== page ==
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Ottawa freezes anti-spam provision, seeks review of legislation

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The federal government has put on hold the implementation of part of Canada's anti-spam law in response to feedback from the business community.

The law, which came into effect in 2014, puts restrictions on e-mails and other electronic communications for promotional purposes. That means that marketers wanting to contact consumers directly this way need their explicit consent to do so.

The government's announcement on Wednesday does not change that: The law continues to be enforced, but for now it shelves a provision to allow private citizens to take legal action against businesses for violating it.

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The government also announced Wednesday that it will ask a parliamentary committee to review the legislation.

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The change is the result of a concerted lobbying effort by business groups, who have communicated their concerns to the government about the possibility of lawsuits under CASL.

"Canadians deserve to be protected from spam and other electronic threats so that they can have confidence in digital technology.

At the same time, businesses, charities and other non-profit groups should have reasonable ways to communicate electronically with Canadians," Navdeep Bains, Minister of Innovation, Science and Economic Development, said in a statement on Wednesday.

The law was designed to come into effect in stages:

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  • By June, 2014, businesses had to have consent to send messages to customers for marketing purposes, and had to provide an easy opt-out in all future messages. The Canadian Radio-television and Telecommunications Commission, one of three regulators that oversee the law, was in charge of administering penalties for violations, from $1-million for individuals and up to $10-million for businesses in Canada. (Fundraising for registered charities and political campaigns are exempt.) In the first week and a half after the law went into effect, the CRTC received more than 12,000 complaints.
  • In January, 2015, it began to cover “malware,” or malicious software installed on people’s computers and other devices without their permission. Marketers who use apps to advertise to customers had to ensure those apps weren’t infected with malware, and had to have permission to collect personal information, take any actions or install any programs on those devices.
  • On July 1 of this year – in addition to the fines that the CRTC can already hand down for CASL violations – people and organizations would have been given the right to take violators to court and seek damages. That third phase has now been suspended.

Just last year, CRTC chair Jean-Pierre Blais was talking tough about the 2017 deadline.

"Once there's a private right of action … you're on your own. Good luck with that," he said in a speech to marketers in Toronto in March, 2016. "All the more reason to get into compliance as much as you can with us, because it will diminish the risk."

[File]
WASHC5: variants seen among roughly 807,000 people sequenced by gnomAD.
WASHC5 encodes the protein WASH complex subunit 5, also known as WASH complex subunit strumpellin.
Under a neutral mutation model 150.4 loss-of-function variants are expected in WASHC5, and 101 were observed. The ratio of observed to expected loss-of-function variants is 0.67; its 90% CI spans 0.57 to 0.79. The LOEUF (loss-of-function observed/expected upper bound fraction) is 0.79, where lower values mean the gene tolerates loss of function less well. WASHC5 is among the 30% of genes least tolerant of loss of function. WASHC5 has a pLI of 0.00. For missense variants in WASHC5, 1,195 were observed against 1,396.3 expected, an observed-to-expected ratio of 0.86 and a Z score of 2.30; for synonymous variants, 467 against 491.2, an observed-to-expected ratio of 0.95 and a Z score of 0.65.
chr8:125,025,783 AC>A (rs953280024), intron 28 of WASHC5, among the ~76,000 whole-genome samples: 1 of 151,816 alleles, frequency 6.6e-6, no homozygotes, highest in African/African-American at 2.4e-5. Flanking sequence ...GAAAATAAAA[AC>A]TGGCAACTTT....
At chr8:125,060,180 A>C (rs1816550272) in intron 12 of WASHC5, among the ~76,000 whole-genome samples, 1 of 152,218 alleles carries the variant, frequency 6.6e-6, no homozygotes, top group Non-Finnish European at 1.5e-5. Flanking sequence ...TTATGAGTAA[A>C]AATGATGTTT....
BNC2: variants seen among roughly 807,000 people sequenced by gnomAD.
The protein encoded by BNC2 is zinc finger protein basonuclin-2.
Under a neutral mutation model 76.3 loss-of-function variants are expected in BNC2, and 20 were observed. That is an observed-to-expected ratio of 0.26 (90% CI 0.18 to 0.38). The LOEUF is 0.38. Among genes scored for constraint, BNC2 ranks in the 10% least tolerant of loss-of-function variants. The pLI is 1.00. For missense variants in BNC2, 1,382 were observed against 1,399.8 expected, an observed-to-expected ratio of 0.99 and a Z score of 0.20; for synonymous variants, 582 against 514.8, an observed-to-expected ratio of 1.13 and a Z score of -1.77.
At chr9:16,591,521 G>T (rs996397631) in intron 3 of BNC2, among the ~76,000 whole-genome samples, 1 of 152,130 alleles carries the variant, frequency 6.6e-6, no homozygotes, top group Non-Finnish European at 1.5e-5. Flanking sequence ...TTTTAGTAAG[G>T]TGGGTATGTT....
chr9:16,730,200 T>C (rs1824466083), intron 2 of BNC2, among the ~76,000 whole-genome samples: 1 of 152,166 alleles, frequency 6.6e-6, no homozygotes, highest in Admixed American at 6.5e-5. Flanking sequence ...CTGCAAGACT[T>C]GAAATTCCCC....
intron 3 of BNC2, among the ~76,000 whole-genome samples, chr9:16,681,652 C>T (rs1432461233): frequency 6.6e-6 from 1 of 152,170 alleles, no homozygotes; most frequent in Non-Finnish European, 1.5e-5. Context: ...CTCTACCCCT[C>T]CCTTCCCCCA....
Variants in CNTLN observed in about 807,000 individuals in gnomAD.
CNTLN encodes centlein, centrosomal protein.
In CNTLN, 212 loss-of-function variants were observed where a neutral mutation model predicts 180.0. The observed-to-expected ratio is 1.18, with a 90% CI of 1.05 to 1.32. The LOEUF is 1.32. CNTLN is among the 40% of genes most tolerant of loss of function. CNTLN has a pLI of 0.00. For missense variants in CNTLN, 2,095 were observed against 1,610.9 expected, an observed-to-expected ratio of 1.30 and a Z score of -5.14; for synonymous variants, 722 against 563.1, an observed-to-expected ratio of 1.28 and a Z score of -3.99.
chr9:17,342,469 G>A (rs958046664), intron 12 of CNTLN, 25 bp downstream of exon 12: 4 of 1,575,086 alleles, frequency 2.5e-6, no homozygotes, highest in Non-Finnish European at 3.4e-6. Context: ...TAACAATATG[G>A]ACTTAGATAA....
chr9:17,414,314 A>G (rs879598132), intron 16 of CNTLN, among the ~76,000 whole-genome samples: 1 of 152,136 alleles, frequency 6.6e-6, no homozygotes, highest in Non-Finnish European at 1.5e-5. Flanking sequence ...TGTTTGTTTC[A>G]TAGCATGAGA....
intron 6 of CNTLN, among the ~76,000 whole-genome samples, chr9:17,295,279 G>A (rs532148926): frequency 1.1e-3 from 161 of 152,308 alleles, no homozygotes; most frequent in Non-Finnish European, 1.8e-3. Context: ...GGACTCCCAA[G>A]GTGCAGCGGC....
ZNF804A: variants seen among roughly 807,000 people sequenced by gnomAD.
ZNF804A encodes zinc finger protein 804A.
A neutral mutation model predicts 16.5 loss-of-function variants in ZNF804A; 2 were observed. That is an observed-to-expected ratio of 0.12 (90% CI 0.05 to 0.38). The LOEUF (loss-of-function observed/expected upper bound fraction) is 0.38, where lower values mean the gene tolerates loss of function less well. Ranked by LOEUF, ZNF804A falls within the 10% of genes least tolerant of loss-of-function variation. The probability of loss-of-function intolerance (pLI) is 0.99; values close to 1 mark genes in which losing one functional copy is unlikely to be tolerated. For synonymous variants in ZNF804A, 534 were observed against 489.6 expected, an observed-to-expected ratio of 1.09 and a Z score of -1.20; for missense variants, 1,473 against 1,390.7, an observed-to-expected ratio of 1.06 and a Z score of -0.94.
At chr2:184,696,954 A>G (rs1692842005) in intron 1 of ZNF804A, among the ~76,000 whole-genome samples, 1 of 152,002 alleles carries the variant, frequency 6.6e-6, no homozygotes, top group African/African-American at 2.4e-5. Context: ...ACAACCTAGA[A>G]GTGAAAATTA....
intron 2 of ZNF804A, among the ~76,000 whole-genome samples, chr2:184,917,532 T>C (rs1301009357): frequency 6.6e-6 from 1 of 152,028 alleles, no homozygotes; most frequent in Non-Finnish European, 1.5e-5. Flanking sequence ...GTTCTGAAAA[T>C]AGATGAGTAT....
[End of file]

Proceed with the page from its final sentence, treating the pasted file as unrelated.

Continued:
One part of the law that will continue to take effect on July 1 is the end of a three-year grace period for companies to prove they have consent to contact everyone on their marketing lists.

The law also applies to SMS text messages and one-to-one messages sent via social media, such as Facebook's Messenger service.

"You still need to be compliant. But this saves a lot of companies a major headache," said Derek Lackey, president of the Direct Marketing Association of Canada, which was part of the lobbying effort. Mr. Lackey said his membership was concerned they could face "hundreds of millions of dollars" in costs defending "frivolous" lawsuits.

The law has also had a positive effect: Mr. Lackey consults with companies on becoming CASL-compliant, and says some clients have seen the rates of promotional e-mails actually being opened jump from 17 per cent to 43 per cent.

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"It's about respecting the consumer, only sending stuff that's relevant to them," he said. "It may be a smaller list, but they're more engaged. … Really good companies who were doing e-mail marketing effectively, were doing this anyway."

There have been increasing complaints, however, about mobile phone text messages – which also require consent and the option to opt-out of future messages.

"CASL as it currently has been functioning is protecting Canadian consumers well," said Wally Hill, vice-president of government and consumer affairs for the Canadian Marketing Association, which plans to encourage the government to permanently abandon the private-right-of-action aspect of the law. He is also hopeful that the review of the legislation will further clarify for businesses how they can stay out of trouble.

"The potential of unfounded lawsuits burdening businesses, in our view, would have been counterproductive. It's a great decision."

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About the Author
Media and Marketing Reporter

Susan covers marketing and media for Report on Business. Before joining The Globe and Mail in 2009, Susan worked as a freelance reporter contributing to the Ottawa Citizen, the Montreal Gazette and other publications, as well as CBC Radio's Dispatches and Search Engine. She has a Masters degree in journalism from Carleton University. More

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